CapitaLand shares jump 20% on restructuring plans; analysts say proposal ‘highly value-unlocking’
SINGAPORE: Shares of CapitaLand jumped as much as 20 per cent on Tuesday (Mar 23), a day after the real estate behemoth announced a major restructuring plan to consolidate its fund management and lodging business into a new entity, and take its property development business private.
Market analysts were generally positive on the company's proposed restructuring, with one describing it as “highly value-unlocking”.
READ: CapitaLand to separate real estate development and fund management units
The counter, which resumed trading on Tuesday after a one-day trading halt pending its announcement, surged more than 20 per cent, or S$0.68, to S$3.99 per cent at the open.
It trimmed gains throughout the day and ended 13.3 per cent higher at S$3.75. More than 88 million shares exchanged hands, making it one of the most heavily traded securities by volume.
The broader Straits Times Index edged up 0.1 per cent to finish at 3,131.74.
ONE BECOMES TWO
The restructuring plans come after CapitaLand posted its first annual loss in nearly two decades last year due to the COVID-19 pandemic.
The proposal to split itself into two is meant to sharpen the group's focus on strategic growth and create shareholder value, the company said.
The first entity, called CapitaLand Investment Management (CLIM), will house its stakes in its real estate investment trusts and business trusts, selected unlisted funds it is currently managing as well as its lodging business.
Set to be listed on the Singapore Exchange, CLIM is expected to be Asia’s largest real estate investment manager with assets under management of about S$115 billion.
It will be asset-light and capital efficient, as well as focusing on growth in fee income and funds under management, the company said.
Meanwhile, its real estate development business will be taken private and become part of CLA Real Estate Holdings, its largest shareholder. CLA is an indirect wholly owned unit of Temasek Holdings.
Being capital intensive and requiring longer gestation periods, this side of the business may “not (be) adequately appreciated by the public markets”, said CapitaLand group chief executive officer Lee Chee Koon in a news release announcing the plans on Monday.
“With a privately held development business, we will be able to better ride property development cycles to optimise returns across asset classes and geographies,” he added, noting that the privatised development entity will continue to develop projects as a key source of pipeline for CLIM.
Overall, the move to split into “two distinct entities” will fit into the company’s longer-term objective of becoming a “globally competitive real estate developer and asset manager”. It will also give the company flexibility to be able to “match the right level of capital to the business objectives”, said Mr Lee at a media and analyst briefing on Monday.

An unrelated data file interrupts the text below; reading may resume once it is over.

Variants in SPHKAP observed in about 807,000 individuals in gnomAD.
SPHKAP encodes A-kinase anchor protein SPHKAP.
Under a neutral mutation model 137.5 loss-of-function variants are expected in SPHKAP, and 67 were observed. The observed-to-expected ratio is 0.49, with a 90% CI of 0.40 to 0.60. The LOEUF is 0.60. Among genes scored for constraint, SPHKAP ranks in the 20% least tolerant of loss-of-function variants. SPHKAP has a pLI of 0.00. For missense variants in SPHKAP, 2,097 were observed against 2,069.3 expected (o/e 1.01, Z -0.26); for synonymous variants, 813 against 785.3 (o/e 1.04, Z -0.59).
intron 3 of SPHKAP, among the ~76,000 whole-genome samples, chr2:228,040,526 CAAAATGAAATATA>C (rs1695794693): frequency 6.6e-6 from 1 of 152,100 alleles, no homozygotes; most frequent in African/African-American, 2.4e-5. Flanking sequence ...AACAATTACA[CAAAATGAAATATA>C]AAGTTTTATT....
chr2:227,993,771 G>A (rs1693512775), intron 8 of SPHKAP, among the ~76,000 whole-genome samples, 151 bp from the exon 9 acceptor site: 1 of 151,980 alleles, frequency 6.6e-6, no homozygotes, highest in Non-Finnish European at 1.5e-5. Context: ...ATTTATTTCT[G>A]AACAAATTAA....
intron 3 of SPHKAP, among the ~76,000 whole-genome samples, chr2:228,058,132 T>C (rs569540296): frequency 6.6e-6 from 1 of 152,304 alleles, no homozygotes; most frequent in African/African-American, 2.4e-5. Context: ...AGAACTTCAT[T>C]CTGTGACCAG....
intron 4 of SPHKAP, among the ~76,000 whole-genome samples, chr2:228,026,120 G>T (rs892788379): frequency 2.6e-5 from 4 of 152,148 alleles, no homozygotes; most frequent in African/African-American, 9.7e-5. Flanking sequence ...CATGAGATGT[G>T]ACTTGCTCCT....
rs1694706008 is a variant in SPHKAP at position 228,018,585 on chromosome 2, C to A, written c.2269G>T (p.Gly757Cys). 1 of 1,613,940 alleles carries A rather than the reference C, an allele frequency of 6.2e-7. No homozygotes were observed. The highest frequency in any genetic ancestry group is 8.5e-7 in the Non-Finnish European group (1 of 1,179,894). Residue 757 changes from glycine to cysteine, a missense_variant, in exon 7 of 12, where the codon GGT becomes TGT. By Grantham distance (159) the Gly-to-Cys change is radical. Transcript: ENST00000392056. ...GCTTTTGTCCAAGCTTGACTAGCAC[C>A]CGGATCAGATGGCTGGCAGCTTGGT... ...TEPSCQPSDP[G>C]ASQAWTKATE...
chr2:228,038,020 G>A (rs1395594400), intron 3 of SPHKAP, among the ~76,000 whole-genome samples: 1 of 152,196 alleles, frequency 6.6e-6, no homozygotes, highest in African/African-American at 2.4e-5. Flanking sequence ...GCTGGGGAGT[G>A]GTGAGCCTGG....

Under the deal, shareholders will receive an implied consideration of S$4.102 per share in cash and scrip, including a one-for-one equivalent stake in CLIM.
That is 24 per cent above the last traded price of CapitaLand and represents a premium of 27 per cent to the one-month volume-weighted average price.
Monday’s announcement was “a bit of a surprise” considering how CapitaLand has done a few major deals over the past two years, RHB analyst Vijay Natarajan told CNA.
These include the S$11 billion cash-and-stock deal to acquire Temasek's shares in Ascendas-Singbridge in 2019, and last year’s merger of CapitaLand Mall Trust and CapitaLand Commercial Trust.
“The pace at which CapitaLand has been restructuring to deliver shareholder value and reposition its business has been much faster than we expected,” said Mr Natarajan, adding that the pandemic and an increased focus on “new economy” assets by the company could have been catalysts for the latest move.
Mr Natarajan noted that there “is merit” in the proposed restructuring. For CapitaLand shareholders, it would mean retaining exposure to a fast-growing fund-management and fee-income business, and allow them to participate in future upside potential.
This is less risky than the development arm, whose margins across markets have also been under pressure due to cooling measures and rising construction costs.
“CapitaLand’s move to strategically restructure its portfolio by privatising its development arm and maintaining the listing of its investment management arm is a highly value-unlocking move,” he wrote in a research note.
The implied offer price per share is "fair" given current market conditions, he added. "We recommend unitholders to vote in favour."
Echoing that, OCBC Investment Research, which was “generally positive” on the proposed restructuring, noted that CLIM would generate more recurring income streams and fetch a higher valuation than the traditional property development business.
The new entity would also be less susceptible to property cooling measures, which tend to be more targeted at the residential sector, the team added in its research note.
That said, some questions remain.
For instance, Mr Natarajan said he would look at the company’s management structure following the restructuring, and how CapitaLand ensures a smooth transition.
The analyst is also seeking more clarity on how CapitaLand classifies and looks at acquisition assets across various business entities post-restructuring, as “there may be some overlap of interests”.